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What Happens If I Get Hurt On the Job?

Your employer must provide a safe workplace. However, accidents occur in even the safest workplaces. If you are injured on the job tell your manager or a human resources representative immediately to ensure your rights are protected.

Workers’ Compensation


Workers’ Compensation is a state-administered insurance benefit for workers who suffer work-related injury or illness. The injury or illness need not occur in the employer’s workplace if it is incurred during the performance of work duties (for example, while making deliveries for the employer).

In order to be eligible for Workers’ Compensation benefits your work-related injury or illness must prevent you from returning to work at your usual wage. In some cases, spouses and children of a worker who dies in a work-related accident are eligible to receive Workers’ Compensation benefits.

Workers’ Compensation can take several forms:
  1. Cash Benefits: are paid to claimants after seven days of total or partial disability due to a work-related injury or illness. The amount you are eligible for is based on your average weekly wage for the previous year.
  2. The following formula is used to calculate benefits:
    • 2/3 x average weekly wage x % of disability = weekly benefit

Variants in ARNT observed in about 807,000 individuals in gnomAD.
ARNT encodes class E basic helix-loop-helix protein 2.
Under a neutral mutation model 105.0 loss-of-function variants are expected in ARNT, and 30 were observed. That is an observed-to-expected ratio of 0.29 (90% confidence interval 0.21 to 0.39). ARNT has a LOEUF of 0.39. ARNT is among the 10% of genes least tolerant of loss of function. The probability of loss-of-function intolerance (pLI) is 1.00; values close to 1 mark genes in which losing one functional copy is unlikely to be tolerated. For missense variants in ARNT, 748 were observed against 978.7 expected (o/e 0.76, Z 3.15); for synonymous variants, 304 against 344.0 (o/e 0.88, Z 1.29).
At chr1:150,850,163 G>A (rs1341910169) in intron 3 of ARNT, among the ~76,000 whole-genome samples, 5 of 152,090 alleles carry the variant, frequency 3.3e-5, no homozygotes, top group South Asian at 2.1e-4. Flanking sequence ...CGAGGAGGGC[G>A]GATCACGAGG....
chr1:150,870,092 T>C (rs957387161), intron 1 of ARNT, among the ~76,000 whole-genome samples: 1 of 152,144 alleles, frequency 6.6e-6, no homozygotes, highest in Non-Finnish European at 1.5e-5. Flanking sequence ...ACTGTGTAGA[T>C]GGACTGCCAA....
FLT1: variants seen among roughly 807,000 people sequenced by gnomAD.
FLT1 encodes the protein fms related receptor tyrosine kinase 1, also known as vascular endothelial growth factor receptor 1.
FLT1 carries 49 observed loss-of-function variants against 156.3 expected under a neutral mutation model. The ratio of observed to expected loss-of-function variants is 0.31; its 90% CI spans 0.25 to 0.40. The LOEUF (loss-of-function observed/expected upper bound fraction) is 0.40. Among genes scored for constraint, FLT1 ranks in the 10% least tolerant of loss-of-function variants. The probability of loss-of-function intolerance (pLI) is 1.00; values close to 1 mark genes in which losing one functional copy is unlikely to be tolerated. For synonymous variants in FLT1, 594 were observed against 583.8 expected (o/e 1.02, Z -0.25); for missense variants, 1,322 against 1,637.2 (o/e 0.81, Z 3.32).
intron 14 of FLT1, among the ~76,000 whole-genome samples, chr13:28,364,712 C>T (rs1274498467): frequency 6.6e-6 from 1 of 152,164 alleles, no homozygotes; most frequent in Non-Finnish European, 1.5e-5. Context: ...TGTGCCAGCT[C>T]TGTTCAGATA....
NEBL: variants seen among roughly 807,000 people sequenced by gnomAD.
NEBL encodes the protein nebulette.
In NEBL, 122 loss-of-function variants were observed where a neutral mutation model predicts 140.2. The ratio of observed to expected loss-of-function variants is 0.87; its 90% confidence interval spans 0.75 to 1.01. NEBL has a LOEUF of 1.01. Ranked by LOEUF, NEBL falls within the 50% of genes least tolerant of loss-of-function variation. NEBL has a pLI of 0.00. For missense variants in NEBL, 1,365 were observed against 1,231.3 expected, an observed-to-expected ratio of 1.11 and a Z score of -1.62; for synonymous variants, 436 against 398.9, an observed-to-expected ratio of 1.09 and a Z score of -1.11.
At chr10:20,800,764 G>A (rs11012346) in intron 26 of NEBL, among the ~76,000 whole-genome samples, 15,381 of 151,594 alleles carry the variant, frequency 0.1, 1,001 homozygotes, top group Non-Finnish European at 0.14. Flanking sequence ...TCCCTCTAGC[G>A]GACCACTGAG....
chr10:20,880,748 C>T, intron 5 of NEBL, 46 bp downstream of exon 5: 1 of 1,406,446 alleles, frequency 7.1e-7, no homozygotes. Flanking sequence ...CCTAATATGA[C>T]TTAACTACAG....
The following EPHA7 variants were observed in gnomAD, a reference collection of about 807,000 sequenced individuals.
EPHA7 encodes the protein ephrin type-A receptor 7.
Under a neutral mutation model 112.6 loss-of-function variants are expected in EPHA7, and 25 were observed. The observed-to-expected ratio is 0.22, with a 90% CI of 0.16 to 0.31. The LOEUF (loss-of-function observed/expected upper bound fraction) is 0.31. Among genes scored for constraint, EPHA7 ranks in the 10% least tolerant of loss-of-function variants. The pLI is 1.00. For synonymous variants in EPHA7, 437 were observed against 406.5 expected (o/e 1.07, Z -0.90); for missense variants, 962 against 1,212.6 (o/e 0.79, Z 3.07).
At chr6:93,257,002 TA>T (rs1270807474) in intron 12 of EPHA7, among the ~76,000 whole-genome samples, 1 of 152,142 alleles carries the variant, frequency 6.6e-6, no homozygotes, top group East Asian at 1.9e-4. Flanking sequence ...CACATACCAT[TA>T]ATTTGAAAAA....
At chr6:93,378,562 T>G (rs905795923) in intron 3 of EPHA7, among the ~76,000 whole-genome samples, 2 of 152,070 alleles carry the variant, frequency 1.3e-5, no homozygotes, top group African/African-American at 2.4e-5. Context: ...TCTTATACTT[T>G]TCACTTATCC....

The amount you are paid also relies on when you were injured.
  3. Supplemental Benefits: are available to claimants who were injured before January 1, 1979. This additional cash payment helps offset cost-of-living increases over time.
  4. Medical Benefits: costs of necessary medical care directly related to the original injury or illness, or to recovery from the disabling condition, are covered by Workers’ Compensation. The treating health care provider must be authorized by the Workers’ Compensation Board, except in an emergency situation.
  5. Death Benefits: if an employee dies in an on-the-job accident, the surviving spouse and/or minor children are entitled to weekly cash benefits. The amount is equal to two-thirds of the deceased worker’s average weekly wage for the year before the accident.

(Additionally, Social Security Disability Benefits may be payable if the worker is permanently unable to work or unable to work for a continuous period of not less than 12 months, see www.ssa.gov for more information.)

Workers’ Compensation is a no fault insurance benefit, meaning that the employer may NOT decrease the amount paid to a worker even if the injury or illness was the result of worker carelessness. Benefits may be denied if you were intoxicated or under the influence of illegal drugs when the workplace accident occurred.

Independent Contractors are not considered employees, so are not eligible for Workers’Compensation benefits.For more information, see the New York State Workers’ Compensation website at www.wcb.state.ny.us.